I served the United States for 48 years in various national security roles that required me to hold a security clearance. I saw it as a privilege, granted by our government, and reflecting the nation’s trust and confidence in my loyalty and my professional knowledge and abilities. It wasn’t, nor should it be, a reflection of my ideological alignment with any administration.
The latest statements from the White House that the President is considering revoking the clearances of former high-ranking intelligence, law enforcement and national security leaders based on the fact that they are exercising their First Amendment rights, seems to politicize a process that should not be politicized.
The clearance process is governed by Executive Order 12968 and 50 US Code 3341. As clearly settled by the ruling in the case of the “Department of the Navy vs. Egan,” the President does have the authority to revoke a security clearance and he doesn’t need to have a well-justified reason for doing so. Therefore, it’s not an issue whether the President can, it’s an issue of whether he should. My hope is that the President chooses wisely and doesn’t introduce politics into the clearance process and make political loyalty a condition for holding or maintaining a security clearance.
The rationale for not granting, limiting, or revoking someone’s clearance is to reduce the counterintelligence risk to the Nation, it is not intended to reduce the risk of criticism by former senior officials. I would also state that granting or revoking a security clearance cannot be a leadership tool to provide incentives or disincentives for current or former government employees. Let me give you a personal example.
I was the Deputy Director of the Defense Intelligence Agency (DIA) during the time when Lieutenant General Michael Flynn was the DIA Director and then later became a notable figure in the Trump campaign and early administration. Subsequent to my retirement, a media outlet asked me how I felt about the allegations that General Flynn had concealed some of his relationships and compensation from foreign sources. I was specifically asked why I didn’t have Flynn’s security clearance revoked (former Directors continued to hold their clearances even into retirement). My answer (on the record) in terms of how I felt after learning what he had done was that I was “apoplectic.” I emphasized, though angry at Flynn, and even more disappointed in his alleged (at the time) behavior, I firmly believed he still deserved due process by investigative and adjudication professionals similar to any other former employee in the same situation. I told the media outlet ‘You wouldn’t want me, a senior government executive, using any revocation authorities (which I didn’t have, by the way) as a way to express my anger and disappointment, or punish him for how his deceptive behavior reflected poorly on the thousands of current and past DIA employees’. Regardless of the federal agency involved, the security clearance process is detailed, rigorous, thorough, and fair and there is a reason for that. The Nation would not be well served if senior government executives were able to reward favored employees with a clearance or revoke or deny one to those whose behavior was annoying or disappointing.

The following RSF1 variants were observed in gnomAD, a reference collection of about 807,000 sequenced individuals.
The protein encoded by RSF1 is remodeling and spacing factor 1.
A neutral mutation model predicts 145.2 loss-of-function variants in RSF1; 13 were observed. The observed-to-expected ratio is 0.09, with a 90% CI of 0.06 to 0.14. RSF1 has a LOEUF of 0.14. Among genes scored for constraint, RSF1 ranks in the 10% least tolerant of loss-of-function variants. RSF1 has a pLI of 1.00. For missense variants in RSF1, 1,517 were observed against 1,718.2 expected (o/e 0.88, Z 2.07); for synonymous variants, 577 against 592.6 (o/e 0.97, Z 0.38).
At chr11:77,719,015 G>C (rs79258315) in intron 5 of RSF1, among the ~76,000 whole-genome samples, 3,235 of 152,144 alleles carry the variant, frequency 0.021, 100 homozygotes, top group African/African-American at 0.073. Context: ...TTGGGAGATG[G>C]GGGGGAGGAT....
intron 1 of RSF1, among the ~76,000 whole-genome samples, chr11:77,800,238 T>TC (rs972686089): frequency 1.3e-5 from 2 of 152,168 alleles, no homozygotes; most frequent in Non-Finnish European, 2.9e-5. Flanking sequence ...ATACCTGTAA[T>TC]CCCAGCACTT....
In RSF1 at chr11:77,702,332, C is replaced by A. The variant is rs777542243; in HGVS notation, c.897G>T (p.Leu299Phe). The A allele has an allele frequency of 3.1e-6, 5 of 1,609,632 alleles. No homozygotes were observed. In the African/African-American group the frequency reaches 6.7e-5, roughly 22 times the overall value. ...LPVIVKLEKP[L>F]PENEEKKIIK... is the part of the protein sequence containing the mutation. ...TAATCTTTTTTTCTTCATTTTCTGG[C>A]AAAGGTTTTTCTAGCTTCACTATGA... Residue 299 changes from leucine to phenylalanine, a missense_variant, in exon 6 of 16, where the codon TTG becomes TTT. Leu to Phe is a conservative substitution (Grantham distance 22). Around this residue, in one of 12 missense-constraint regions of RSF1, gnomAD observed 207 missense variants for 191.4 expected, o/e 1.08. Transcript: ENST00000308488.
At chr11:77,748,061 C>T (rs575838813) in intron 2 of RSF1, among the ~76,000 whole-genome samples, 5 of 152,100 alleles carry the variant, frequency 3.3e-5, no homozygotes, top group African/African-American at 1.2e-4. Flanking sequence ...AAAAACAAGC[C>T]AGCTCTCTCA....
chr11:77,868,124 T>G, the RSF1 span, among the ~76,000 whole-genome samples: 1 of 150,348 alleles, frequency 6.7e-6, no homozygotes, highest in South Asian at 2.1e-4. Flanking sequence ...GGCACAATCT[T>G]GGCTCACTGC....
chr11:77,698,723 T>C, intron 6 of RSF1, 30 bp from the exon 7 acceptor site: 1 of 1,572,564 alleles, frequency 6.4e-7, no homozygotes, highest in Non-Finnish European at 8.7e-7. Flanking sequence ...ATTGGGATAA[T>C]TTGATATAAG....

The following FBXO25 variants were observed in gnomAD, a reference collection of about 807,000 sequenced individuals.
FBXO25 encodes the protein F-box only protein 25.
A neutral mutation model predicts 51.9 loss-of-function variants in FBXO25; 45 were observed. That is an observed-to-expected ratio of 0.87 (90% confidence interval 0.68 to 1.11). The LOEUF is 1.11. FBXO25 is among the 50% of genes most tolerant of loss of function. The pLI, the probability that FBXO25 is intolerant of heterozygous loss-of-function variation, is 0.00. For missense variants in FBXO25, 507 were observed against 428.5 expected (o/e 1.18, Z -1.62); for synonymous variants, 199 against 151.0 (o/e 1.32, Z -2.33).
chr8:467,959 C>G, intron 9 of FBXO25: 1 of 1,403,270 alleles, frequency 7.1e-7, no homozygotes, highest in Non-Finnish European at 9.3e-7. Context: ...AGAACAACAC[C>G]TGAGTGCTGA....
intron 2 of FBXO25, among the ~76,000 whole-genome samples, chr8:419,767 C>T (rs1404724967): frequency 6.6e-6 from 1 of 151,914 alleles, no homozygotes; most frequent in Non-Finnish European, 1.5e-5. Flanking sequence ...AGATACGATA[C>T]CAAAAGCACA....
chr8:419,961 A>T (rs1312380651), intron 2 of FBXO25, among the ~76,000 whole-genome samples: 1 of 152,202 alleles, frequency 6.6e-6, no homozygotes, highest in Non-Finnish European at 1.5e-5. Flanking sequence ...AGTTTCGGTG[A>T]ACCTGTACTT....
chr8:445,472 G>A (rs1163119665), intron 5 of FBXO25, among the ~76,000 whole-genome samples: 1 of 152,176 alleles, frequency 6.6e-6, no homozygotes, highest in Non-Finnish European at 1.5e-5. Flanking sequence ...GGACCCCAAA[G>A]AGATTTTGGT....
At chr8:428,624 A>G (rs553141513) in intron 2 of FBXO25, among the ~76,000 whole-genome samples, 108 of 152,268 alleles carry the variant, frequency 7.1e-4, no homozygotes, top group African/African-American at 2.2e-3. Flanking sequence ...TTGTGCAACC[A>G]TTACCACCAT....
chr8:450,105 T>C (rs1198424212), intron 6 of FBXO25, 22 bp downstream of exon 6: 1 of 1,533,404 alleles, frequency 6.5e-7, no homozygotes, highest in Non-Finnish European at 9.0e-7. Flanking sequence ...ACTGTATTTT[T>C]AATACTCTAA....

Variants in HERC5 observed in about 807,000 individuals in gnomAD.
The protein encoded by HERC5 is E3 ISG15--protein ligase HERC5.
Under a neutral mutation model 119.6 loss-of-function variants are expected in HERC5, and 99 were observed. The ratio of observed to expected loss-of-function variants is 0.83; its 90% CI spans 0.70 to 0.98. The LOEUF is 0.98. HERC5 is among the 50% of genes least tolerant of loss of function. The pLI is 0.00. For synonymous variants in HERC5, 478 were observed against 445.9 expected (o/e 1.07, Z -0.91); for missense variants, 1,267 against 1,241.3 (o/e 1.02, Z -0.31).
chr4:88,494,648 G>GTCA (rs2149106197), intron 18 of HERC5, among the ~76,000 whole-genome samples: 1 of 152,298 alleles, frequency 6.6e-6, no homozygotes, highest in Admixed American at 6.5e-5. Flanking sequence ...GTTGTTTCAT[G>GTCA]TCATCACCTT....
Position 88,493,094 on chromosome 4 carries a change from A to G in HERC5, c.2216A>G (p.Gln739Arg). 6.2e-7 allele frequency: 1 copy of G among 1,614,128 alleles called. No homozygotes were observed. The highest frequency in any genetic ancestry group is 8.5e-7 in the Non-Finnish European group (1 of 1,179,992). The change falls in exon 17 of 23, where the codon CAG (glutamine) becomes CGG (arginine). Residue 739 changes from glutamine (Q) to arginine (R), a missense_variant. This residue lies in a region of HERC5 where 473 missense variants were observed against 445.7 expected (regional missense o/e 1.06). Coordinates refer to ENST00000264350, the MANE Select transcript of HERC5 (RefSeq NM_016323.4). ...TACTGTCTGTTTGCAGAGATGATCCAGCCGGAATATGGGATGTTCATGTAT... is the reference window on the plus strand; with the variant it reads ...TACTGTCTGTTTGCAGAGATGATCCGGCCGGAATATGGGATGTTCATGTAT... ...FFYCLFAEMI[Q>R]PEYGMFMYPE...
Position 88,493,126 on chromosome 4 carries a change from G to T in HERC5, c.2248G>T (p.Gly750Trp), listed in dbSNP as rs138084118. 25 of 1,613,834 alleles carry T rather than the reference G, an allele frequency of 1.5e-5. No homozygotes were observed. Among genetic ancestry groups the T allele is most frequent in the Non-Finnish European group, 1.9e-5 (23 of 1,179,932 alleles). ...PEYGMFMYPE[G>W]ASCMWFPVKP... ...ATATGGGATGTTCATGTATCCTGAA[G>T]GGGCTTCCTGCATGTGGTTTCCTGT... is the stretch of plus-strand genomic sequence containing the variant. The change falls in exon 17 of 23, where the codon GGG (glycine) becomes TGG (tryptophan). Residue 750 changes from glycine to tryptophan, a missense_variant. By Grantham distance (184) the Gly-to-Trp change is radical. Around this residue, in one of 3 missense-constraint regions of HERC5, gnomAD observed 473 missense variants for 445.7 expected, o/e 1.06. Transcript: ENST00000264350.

I am sanguine that White House Press Secretary Sarah Huckabee Sanders’ remarks were political posturing and designed to intimidate current and future critics of the Administration. However, even if the President doesn’t revoke the clearances of my former senior colleagues, all the narrative surrounding this announcement might create the impression at levels beneath the President, that it is acceptable for government officials to use the granting or revocation of security clearances as a tool of coercive leadership.